The turbot, Scophthalmus maximus, is one of the most valuable food fish of the Northeast Atlantic. Since the 90s, intensive production methods for all life stages of this species are known. Rearing takes place in high stocking densities, particularly in land-based recirculation systems. The culture in surface cages or submersible cages was successfully demonstrated at moderate flow rates and a relatively stable temperature. Since the growth rate of turbot decreases below 14 °C and above 20 °C, the temperatures in the German Bight do not allow year-round on-growing. Moreover, this species reacts sensitively to strong tide flow rates of up to 1.2 ms-1, which plays an important role in site selection in the German Bight.
World aquatic plant production is the highest among marine aquaculture. Sugar kelp (Saccharina latissima) is a brown seaweed providing numerous valuable products: e.g. phycocolloids used as emulsifiers and stabilizers in food and cosmetic industries. Further, they are used for waste water treatment and nutrient recycling of farm effluents in integrated aquaculture systems (e.g. IMTA). In Germany, next to pilot projects on a research level sugar kelp is farmed using an extensive fixed off-bottom longline technique in the Baltic Sea as well as in tanks in the North Sea.
The decline in catches of cod, Gadus morhua, led to a growing interest in the breeding of this species. For more than thirty years, the intensive production of cod has been established. The rearing requires the production of live food in different sizes and feeding protocols must be strictly followed. A key problem for cod aquaculture is their ability to escape through the mesh or other materials. Cod is one of the species with the highest rate of the escapees, which can have a negative impact on the wild population by cross-breeding. The extreme temperature tolerance range of -1 ° C to 23 ° C and an optimum temperature range from 8 ° C to 12 ° C makes this species a suitable candidate for aquaculture in the German Bight. However, it should be noted that the relatively high summer temperatures in the German Bight increase the risk of infection. The suitability of cod for offshore aquaculture has been successfully demonstrated in submersible cages off the coast of New Hampshire. Cod is a physoclist species, and there stops have to be included during the vertical movements of the cage.
The European sea bass, Dicentrarchus labrax, is a well established species in aquaculture and with a production of about 60,000 tons per year one of Europe's most cultured marine fish species. On-growing takes place mainly in surface cages in coastal areas of the Mediterranean. However, a successful rearing was demonstrated also under more exposed conditions. Since sea bass is a physoclist species, in which the swim bladder is closed and pressure compensation is only possible by slow gas exchange, the rise and the lowering of the cage needs sufficient stops to prevent barotrauma of the fish. The sea bass can tolerate temperatures in the North Sea, but the average temperature of 10 ° C in the North Sea is below its optimum temperature range for growth of 22-28 ° C. Model calculations suggest, that this lower temperature prolongs the on-growing by 4-8 months compared to the production of D. labrax in cages in the Mediterranean.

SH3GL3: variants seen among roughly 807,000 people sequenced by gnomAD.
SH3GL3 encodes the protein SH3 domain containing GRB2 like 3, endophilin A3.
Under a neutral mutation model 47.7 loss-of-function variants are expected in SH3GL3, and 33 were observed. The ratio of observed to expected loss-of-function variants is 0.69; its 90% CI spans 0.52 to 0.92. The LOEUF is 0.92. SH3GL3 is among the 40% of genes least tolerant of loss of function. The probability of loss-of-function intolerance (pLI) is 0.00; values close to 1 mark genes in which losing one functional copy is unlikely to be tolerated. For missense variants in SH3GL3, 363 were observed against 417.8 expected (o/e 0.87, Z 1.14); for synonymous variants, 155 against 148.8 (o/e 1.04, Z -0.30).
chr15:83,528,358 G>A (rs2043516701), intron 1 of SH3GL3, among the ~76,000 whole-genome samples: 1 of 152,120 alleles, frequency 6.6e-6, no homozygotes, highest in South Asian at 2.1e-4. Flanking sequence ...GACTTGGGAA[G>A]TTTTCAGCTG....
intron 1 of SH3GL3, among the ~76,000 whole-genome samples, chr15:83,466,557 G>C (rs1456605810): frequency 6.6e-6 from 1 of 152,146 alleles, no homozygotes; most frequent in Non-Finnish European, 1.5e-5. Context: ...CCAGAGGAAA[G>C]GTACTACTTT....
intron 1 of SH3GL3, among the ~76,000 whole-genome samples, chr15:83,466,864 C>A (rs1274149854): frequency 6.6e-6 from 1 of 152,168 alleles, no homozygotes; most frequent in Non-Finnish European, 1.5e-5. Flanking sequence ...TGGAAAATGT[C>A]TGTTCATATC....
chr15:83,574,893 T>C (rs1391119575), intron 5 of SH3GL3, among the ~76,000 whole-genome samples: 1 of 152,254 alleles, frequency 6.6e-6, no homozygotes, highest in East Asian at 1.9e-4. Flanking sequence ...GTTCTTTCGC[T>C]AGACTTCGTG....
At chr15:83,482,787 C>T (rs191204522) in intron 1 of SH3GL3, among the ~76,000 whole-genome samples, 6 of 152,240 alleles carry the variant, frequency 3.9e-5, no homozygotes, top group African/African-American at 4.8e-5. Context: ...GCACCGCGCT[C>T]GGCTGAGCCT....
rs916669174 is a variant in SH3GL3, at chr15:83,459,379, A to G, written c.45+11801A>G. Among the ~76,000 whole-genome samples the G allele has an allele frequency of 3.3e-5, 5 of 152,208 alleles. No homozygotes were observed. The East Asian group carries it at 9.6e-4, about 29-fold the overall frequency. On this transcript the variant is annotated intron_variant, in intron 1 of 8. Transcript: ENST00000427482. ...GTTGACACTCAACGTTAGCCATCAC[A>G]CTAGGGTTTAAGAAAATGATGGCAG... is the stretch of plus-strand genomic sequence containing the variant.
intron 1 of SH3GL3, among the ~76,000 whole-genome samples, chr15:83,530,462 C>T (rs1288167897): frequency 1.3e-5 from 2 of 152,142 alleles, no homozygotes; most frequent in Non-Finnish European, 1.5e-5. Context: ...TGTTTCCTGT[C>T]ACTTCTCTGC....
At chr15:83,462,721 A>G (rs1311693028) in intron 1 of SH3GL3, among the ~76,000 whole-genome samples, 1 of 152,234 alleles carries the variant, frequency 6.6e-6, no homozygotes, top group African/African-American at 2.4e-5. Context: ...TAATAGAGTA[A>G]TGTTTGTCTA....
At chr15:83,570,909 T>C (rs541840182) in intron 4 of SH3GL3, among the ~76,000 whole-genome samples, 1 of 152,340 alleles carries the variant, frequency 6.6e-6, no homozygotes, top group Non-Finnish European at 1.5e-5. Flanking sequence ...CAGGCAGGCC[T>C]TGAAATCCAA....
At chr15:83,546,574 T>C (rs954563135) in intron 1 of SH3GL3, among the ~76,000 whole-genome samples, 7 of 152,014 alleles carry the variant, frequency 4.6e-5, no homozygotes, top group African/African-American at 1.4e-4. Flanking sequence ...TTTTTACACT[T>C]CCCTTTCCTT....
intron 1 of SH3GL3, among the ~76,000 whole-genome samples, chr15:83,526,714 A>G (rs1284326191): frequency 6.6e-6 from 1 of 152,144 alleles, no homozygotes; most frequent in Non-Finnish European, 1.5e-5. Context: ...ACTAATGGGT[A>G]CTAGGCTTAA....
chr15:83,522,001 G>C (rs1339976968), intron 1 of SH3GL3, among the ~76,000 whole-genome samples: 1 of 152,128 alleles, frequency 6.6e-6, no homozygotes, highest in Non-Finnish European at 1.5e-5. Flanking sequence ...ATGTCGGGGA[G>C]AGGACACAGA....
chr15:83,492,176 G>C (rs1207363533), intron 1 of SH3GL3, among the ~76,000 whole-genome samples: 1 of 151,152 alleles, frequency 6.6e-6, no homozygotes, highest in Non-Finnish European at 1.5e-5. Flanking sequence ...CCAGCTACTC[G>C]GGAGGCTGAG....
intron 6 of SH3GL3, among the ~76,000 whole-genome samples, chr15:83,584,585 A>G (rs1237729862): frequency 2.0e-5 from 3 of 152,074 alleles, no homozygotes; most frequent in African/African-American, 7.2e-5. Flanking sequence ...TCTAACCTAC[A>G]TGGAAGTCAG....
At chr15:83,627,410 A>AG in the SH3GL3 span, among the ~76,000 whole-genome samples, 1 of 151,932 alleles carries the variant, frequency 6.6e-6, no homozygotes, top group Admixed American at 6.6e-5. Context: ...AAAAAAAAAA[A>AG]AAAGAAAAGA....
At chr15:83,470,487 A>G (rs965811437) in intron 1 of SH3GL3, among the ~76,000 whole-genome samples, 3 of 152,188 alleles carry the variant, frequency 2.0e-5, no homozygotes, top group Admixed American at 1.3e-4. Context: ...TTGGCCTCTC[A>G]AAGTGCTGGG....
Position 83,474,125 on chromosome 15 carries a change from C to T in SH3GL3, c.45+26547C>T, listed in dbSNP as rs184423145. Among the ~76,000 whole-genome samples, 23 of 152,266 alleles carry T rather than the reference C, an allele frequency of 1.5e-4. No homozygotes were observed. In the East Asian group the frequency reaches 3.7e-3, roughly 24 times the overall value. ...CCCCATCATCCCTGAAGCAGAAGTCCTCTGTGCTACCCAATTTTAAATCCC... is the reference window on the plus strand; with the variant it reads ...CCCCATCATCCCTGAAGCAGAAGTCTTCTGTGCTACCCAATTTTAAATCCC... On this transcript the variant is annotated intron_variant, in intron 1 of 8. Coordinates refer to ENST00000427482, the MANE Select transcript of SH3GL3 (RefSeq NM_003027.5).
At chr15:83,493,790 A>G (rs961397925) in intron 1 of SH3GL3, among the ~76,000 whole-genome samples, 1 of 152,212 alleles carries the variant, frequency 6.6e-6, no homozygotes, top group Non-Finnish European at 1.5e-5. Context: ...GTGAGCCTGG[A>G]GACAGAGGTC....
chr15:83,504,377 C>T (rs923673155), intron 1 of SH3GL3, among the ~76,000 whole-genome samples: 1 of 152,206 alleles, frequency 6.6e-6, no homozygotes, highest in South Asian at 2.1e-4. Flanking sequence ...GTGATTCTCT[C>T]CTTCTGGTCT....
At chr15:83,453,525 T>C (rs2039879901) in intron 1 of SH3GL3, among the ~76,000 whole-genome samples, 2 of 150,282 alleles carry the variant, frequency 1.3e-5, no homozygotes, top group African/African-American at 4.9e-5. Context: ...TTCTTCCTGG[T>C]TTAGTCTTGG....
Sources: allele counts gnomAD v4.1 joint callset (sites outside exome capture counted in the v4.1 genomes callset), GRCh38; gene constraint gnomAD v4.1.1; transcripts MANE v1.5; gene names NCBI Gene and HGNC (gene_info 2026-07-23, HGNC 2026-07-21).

Dulse, Palmaria palmata, is an edible red algae (Rhodophyta) from the upper subtidal of the rocky coasts of the Atlantic from Greenland to Portugal and the North Sea. It is traditionally eaten dried in France, Ireland, Iceland and Canada, and is a source of minerals, vitamins, antioxidants and iodine.
The red alga propagates through spores. In aquaculture asexual reproduction is widespread, with apical tips used for the cultivation of new thalli from the branched thallus. P. palmata can be cultivated in tank culture with air to circulate. In Ireland, the red algae is grown in the sea after sowing of spores on ropes or directly attached to the ropes.
Palmaria palmata is a good candidate for integrated multi-trophic aquaculture (IMTA). In the project Offshore Site Selection (OSS), dulse showed specific growth rates (SGR) of 5-> 6 % d-1, at 16 hours of daylight and constant radiation in co-culture with turbot. The red alga also has a relatively high protein content (up to 21 % of dry matter), which can be increased by growing in integrated aquaculture. P. palmata needs a location with flow velocities of 5-10 cm s-1 for optimal nutrient and CO2 exchange on the surface of the thalli, as well as for the reduction of growth of epiphyts. In strong currents, the thalli of macroalgae become slimmer, which influences the surface:volume ratio and hence affects nutrient uptake and growth. For offshore site selection for growing dulse, wave exposure and flow rates have to be considered in order to achieve optimal growth conditions and to reduce the loss of biomass.
Another limiting factor for the growth of P. palmata in the German Bight is the relatively high water temperature in summer. Dulse does not tolerate temperatures above 19-22 ° C, depending on the sub-population. At 16.5 °C, dulse has a reduced growth rate of only 2.2 % d-1. Optimal growth of P. palmata is achieved at temperatures between 6 ° and 12 °C. Dulse is usually harvested at a length of 30-40 cm.
The green-lipped mussel (Perna canaliculus) is an endemic species of New Zealand's coastal waters and fjords. The concentric green shell gives it its name. It can reach a size of up to 20 cm, attaches to hard substrates with its byssus threads, and is also a major export product of the New Zealand seafood industry. It is cultivated with up to 150,000-180,000 t/year in suspended cultures techniques (longlines), while the culture design, the harvests and specially designed vessels represent the most modern mussel culture globally.